I don’t know.

But a seed of worry had been planted in her head. I tried to talk with her about it without confusing her thoughts with my own. I tried to listen to what she was expressing, instead of assuming it was what I was thinking. I am not sure I handled the conversation well. But since then I've read the Motherlode post, which offers concrete advice on, among other things, how not to talk about Sandy Hook.

How about you? Did you speak with your kids? Did they come to you with questions? What are your thoughts for tomorrow and the road ahead?

Monday, December 10, 2012

Catalogs: Are We Buying It?

Catalogs. They are not exactly the portraits of John Singer Sargent, but each day when another batch arrives, I flip through them, wondering what they say about life in 2012.

My friend, the playwright, Jessica Provenz, suggested I end my conversation with this environmentally unfriendly house guest by visiting a site such as Catalog Choice or 41 Pounds, but I am not ready.

It was through overexposure to the Barbie Collector Edition catalogs that my seven-year-old became inoculated. “Does Barbie dye her hair?” she asked, not long ago. Metaphorically, at least, her roots were showing.

And, how else would I know about Nova Natural Toys, whose catalog I received for the first time this year. My kids may be too old, but it seems the next wave of kids can pine for the $79 Fair Maiden Dress made of linen and cotton, or a Knight’s Leather Tunic, with laces on the side, made in Germany. Girls and boys appear in separate parts of this medieval fiefdom, but rayon and pleather have at last been vanquished.

To be fair, the toys and clothes look dreamy, but the breakdown of them so strictly by gender, as I noted when I critiqued the 2010 Fisher-Prince summer catalog two years ago, remains a curiosity to me.

So I understand the paradox when I say that the one toy catalog that I feel best-reflects life as we know it in 2012 is the one that does not reflect catalog-life as we know it in 2012. Perhaps, in the true spirit of consumerism, it is aspirational. The HearthSong catalog is what I want life to be like.

Is it old-fashioned or forward thinking? Does it capture an element of today’s zeitgeist? I am no longer sure. But I know the HearthSong catalog stands out for two reasons: it depicts childhood as a time of exploration and creative play; and it shows girls and boys playing together—with the same toys.

I called the HearthSong Director of Marketing, Beverly Fries, and asked her if the depiction of boys and girls playing together was something they planned.

It was a silly question. Nothing seems un-staged in the pages of most catalogs. But how often do we dismiss an alternative depiction as simply an oversight or a matter of convenience? If we felt it was deliberate we’d be more outraged. We’d be like thirteen-year-old McKenna Pope who, inspired by her four-year-old brother, gained 30,000 signatures in an effort to get Hasbro to change the way it markets Easy-Bake Ovens.

"I don't want them to make a boys' Easy-Bake Oven and girls' Easy-Bake Oven. I want them to make an Easy-Bake Oven for kids," she said in an AP story this month.

So how did HearthSong create a catalog that presents girls and boys with equal creative opportunity?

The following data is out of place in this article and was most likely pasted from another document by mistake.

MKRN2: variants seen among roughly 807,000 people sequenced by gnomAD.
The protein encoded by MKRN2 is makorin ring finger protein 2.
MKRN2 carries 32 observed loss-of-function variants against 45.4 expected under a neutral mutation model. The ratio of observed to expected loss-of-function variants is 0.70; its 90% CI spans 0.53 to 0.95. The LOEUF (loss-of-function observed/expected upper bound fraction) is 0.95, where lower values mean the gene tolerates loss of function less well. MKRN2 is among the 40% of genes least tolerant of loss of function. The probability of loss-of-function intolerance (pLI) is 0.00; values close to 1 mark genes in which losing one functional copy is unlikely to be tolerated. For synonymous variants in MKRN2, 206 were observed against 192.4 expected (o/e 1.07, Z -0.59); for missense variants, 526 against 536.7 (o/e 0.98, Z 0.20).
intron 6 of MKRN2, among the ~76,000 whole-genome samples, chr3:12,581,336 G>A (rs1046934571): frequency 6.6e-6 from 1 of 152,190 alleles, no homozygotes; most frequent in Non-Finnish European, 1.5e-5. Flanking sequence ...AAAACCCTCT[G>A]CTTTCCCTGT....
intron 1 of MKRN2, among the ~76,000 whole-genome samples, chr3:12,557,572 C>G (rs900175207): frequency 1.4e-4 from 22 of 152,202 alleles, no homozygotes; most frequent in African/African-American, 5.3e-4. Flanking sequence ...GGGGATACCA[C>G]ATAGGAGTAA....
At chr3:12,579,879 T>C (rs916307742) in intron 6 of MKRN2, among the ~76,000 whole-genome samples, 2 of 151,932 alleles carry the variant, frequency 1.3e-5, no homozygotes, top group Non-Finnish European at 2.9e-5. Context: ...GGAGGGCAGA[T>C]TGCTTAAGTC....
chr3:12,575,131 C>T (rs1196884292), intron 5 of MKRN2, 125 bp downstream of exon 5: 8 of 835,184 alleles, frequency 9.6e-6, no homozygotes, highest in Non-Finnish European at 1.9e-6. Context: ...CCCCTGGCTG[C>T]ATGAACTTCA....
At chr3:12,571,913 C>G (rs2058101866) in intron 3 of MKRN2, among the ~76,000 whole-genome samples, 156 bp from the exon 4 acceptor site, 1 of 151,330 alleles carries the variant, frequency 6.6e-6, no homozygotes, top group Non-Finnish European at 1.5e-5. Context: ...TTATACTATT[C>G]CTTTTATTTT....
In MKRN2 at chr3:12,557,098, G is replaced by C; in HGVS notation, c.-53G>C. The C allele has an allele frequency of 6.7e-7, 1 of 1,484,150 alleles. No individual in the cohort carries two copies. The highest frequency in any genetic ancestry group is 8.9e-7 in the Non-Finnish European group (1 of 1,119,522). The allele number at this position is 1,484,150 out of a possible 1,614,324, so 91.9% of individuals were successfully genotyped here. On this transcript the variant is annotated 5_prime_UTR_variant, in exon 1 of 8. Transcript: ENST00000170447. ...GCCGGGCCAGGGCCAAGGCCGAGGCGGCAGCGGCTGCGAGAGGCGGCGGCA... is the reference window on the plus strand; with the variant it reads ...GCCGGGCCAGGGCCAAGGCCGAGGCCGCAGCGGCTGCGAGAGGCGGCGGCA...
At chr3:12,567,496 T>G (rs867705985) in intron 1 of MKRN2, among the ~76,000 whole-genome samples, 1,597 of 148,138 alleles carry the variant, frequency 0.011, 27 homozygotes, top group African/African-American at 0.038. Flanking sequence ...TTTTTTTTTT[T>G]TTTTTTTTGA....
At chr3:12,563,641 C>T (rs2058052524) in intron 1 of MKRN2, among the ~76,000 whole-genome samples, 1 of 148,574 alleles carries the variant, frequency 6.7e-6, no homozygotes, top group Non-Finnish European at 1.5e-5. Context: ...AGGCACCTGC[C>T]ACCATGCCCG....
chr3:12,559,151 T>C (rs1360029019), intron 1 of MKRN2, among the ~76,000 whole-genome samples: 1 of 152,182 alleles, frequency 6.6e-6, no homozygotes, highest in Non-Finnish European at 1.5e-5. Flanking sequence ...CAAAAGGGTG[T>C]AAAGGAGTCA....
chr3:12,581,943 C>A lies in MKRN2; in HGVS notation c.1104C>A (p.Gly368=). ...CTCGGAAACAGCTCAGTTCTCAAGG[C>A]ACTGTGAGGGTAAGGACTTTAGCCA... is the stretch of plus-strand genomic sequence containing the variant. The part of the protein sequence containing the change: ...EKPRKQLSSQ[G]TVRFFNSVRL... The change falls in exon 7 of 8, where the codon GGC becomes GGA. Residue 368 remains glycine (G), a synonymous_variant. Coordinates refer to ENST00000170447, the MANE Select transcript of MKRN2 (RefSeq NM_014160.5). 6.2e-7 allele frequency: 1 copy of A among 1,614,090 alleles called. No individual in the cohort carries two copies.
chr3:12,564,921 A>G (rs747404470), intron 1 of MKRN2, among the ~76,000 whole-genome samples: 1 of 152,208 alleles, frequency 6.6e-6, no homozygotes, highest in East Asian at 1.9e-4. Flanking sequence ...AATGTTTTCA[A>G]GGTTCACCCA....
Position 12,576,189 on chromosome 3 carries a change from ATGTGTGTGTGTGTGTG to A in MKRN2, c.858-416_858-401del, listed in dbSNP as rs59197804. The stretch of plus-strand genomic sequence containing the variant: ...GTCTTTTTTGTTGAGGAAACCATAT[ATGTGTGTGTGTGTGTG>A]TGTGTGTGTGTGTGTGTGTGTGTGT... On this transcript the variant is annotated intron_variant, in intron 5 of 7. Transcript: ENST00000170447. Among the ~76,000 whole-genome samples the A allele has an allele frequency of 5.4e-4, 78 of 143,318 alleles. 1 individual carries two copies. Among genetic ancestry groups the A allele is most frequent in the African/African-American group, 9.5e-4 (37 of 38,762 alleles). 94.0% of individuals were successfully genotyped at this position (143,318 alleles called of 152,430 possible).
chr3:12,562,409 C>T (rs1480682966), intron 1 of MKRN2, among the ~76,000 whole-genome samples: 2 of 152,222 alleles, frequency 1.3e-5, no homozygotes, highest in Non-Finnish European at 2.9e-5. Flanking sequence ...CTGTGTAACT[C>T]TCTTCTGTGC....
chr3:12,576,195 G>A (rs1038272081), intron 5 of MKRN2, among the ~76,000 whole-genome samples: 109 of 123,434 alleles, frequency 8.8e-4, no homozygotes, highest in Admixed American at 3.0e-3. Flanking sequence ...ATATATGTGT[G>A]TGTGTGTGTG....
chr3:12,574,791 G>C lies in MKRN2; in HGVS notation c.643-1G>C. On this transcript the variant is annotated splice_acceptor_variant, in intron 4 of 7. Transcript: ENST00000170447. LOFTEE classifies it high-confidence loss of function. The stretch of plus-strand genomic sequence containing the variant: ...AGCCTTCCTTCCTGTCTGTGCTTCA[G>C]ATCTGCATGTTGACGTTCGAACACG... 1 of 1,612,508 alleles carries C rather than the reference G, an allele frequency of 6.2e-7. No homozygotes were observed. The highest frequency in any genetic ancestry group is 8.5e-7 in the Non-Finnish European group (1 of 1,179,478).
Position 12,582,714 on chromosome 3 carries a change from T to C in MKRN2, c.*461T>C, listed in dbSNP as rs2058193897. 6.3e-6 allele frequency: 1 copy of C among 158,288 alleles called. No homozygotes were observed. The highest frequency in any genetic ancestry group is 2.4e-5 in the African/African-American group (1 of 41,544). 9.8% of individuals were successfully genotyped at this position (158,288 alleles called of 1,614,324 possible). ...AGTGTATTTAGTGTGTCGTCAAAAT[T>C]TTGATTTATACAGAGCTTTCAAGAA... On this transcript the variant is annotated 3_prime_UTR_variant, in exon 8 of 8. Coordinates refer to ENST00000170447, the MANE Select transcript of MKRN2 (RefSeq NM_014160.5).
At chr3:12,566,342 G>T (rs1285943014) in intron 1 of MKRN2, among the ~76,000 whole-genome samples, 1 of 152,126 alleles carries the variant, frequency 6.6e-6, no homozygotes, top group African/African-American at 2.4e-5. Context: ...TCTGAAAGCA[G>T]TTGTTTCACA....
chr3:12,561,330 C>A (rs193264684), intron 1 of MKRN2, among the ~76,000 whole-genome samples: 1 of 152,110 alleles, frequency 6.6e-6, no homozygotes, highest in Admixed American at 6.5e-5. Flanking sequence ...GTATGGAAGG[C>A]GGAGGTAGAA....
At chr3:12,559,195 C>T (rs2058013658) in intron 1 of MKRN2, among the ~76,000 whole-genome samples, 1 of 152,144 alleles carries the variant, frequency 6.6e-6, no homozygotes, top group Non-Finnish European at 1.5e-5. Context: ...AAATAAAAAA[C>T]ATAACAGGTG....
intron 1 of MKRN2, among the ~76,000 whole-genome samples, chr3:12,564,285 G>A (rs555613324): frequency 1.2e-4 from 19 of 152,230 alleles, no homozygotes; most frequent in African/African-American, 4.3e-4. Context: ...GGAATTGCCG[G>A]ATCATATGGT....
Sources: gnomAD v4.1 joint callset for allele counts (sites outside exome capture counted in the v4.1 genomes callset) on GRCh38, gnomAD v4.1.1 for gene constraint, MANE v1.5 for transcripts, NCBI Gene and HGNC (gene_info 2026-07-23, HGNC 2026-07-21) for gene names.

“We go through daily discussions about that. It’s something we strive for,” Fries said, when I spoke with her last week. It goes back, she said, to the original owner, Barbara Kane, a California mom who started the company in 1983.

“There’s not a differentiation between girls and boys. They all have imaginations. They all learn from social interaction,” Fries said.

Yes, HearthSong has a few pages of pink. And, for the most part, it’s girls playing in the Pink Party Pavilion. And, we all know a few girls who would love to, too. My four-year-old included.

But, check out the girl and boy playing together with the Domino Race set, or the girl and boy each using hand tools. Notice two who look like siblings working together on the Vortex Glow-in-the-Dark Marble Run, or a boy and girl standing at the Gourmet Chef Kitchen. And then there’s the girl modeling a tree fog t-shirt standing next to a boy dressed as a raptor who doesn’t seem to think she will give him cooties.

It’s not by accident.

“We value the experience of childhood so much,” Fries told me, “we want to make sure we are not contributing to the stereotypes.”

In the chain of command that turns out a catalog, I wanted to know where the buck stopped. It was clear from speaking to Fries that it’s just as important to ask where it starts.

Does any of this matter?

Ginia Belafante’s recent story in The New York Times, “The Great Divide: Now in the Toy Aisle” spoke of the dichotomy between the types of toys sold at Toys “R” Us and the educationally-minded ones sold in smaller, more expensive shops. Even if the ones claiming to boost cognitive ability can’t prove they do so, she says:

“At the very least, though, they signal to a child a parental investment in ambition and accomplishment, in active absorption over passive observation. It would take a very expansive view of the iCarly Truth or Dare Bear to believe it might do the same thing.”

The idea that value can be derived from a message as much as from substance applies to catalogs as well. When it comes to signaling the investment of a company in the people it professes to serve, it’s clear a picture is worth a thousand words.
HearthSong's Vortex Marble Run